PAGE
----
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Seal Science Working Group Produces Report

Îles de la Madeleine

The Atlantic Seal Science Working Group outlines gaps in Fisheries and Oceans Canada’s knowledge to accurately assess the impact of seal predation on fish stocks.

While the report states that the high numbers of grey and harp seals « are having a serious impact on the ocean ecosystem » in eastern Canada, it also concludes that the extent of the impact cannot be determined with the limited information held by the federal department.

The working group believes that additional data on the species’ feeding and migration patterns, among other things, must be compiled to support the department in its future management actions.

For Gil Thériault, this is yet another document that will have no real impact on the issues defended by hunters, who are calling for a thorough review of the laws surrounding the activity.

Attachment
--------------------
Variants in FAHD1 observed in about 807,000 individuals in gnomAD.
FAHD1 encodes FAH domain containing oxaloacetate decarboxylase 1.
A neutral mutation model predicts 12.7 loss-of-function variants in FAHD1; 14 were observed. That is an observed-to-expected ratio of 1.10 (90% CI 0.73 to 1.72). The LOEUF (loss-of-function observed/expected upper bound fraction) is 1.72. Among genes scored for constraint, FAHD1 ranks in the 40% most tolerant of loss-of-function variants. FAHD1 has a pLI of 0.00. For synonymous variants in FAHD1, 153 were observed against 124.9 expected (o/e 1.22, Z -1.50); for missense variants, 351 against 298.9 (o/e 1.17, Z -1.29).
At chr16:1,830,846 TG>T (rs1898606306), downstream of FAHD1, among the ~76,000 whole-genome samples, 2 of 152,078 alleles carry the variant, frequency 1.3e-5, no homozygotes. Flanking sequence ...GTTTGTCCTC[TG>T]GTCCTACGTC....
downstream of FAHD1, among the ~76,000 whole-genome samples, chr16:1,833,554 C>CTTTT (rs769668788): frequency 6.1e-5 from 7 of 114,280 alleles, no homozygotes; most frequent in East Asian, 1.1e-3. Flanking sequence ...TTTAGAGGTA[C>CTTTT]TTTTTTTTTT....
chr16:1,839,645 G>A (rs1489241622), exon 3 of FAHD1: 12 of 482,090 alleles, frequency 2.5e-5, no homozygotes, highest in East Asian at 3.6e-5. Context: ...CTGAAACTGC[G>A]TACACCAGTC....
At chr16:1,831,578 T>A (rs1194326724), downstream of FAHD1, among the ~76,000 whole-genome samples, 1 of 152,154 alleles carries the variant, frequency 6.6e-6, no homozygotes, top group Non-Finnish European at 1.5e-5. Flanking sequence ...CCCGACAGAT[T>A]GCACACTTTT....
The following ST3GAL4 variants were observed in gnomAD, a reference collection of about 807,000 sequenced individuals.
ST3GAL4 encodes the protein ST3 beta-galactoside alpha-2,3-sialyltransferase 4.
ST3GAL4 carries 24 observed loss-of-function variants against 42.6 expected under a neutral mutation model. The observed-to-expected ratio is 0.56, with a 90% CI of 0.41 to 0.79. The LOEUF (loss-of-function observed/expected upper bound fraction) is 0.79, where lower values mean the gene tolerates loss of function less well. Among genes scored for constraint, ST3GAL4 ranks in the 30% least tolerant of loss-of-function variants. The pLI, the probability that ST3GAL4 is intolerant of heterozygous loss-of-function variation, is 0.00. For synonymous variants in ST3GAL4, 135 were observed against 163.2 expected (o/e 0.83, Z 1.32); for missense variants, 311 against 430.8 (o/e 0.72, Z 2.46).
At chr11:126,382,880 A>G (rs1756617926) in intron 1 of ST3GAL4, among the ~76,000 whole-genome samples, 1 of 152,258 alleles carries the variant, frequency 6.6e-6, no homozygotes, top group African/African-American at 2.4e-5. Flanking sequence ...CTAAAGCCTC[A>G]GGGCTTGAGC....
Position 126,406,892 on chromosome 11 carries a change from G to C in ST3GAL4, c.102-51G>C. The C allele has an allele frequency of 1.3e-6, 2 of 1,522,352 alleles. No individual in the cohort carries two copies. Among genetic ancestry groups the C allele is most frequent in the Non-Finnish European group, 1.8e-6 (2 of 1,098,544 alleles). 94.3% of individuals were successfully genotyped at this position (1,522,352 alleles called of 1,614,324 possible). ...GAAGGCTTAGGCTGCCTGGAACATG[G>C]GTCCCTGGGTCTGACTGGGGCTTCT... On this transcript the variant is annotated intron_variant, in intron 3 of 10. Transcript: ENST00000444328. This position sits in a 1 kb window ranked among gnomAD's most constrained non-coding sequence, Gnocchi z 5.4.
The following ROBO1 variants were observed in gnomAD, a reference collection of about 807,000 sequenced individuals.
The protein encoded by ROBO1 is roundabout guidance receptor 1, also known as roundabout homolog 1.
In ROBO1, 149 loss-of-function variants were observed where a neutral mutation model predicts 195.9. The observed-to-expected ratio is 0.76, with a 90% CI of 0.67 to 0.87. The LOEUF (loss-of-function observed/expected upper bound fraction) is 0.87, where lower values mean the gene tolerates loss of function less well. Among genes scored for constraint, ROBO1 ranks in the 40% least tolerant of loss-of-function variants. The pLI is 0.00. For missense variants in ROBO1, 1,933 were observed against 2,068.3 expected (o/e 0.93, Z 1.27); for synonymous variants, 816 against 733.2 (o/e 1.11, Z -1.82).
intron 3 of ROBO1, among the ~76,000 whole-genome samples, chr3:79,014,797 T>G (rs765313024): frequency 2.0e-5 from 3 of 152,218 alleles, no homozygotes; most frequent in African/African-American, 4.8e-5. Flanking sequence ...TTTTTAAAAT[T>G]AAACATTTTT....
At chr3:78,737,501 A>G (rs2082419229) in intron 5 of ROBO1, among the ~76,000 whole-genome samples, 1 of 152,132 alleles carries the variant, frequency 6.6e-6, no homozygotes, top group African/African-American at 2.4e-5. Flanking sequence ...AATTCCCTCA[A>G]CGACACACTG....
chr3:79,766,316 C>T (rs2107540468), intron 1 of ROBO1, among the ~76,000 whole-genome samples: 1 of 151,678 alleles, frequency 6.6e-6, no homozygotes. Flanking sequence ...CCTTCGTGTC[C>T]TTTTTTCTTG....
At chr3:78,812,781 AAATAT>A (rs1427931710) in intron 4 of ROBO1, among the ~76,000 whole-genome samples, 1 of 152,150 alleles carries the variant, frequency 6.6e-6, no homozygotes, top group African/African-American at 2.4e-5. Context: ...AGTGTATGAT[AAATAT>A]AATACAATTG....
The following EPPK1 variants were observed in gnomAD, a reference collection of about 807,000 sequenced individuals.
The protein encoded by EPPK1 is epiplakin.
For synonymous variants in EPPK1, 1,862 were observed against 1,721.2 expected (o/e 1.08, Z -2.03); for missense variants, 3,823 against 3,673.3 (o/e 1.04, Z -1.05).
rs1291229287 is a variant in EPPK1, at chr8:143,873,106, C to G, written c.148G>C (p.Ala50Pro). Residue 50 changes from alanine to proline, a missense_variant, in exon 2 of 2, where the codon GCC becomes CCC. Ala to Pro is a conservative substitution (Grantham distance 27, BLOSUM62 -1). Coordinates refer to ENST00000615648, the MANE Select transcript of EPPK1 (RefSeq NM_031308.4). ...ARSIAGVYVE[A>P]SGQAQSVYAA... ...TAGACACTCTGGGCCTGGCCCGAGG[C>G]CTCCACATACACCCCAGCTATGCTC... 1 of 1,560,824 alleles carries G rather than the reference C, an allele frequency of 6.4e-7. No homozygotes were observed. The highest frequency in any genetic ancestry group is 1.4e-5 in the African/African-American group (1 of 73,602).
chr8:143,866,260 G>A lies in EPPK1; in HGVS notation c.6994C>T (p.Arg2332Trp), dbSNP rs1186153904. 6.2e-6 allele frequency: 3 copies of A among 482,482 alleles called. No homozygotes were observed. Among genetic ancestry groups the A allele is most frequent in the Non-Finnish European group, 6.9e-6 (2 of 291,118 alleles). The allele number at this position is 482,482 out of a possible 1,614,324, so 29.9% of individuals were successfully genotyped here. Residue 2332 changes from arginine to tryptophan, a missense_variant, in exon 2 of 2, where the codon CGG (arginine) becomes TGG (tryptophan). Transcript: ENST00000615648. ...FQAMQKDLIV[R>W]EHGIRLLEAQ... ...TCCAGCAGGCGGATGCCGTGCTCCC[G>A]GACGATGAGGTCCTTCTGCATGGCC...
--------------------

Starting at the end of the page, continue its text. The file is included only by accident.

The director of the Intra-Quebec Sealers’ Association believes that more research is the equivalent of putting off political decisions until the Greek calendar.

Mr. Thériault adds that meanwhile, seal populations continue to grow and have a real impact on marine ecosystems and on the daily lives of fishermen.

On the other hand, the report considers that the federal government must see the species as a resource and support the development of new markets, which Minister Joyce Murray agreed with.

La ministre Murray lors de la conférence de presse à Corner Brooks (T-N-L)

Gil Thériault welcomes the idea, but reminds us that in order to do so, it is imperative that the supply of seals be facilitated for the hunters.

In addition, Minister Murray announced that a Seal Summit will be held in St. John’s, Newfoundland and Labrador this fall to bring together the relevant stakeholders in one setting, responding to one of the recommendations of the Working Group.

Fisheries and Oceans Canada estimated in 2017 that there are approximately 425,000 grey seals on the east coast of the country and, based on 2019 data, 7.6 million harp seals.

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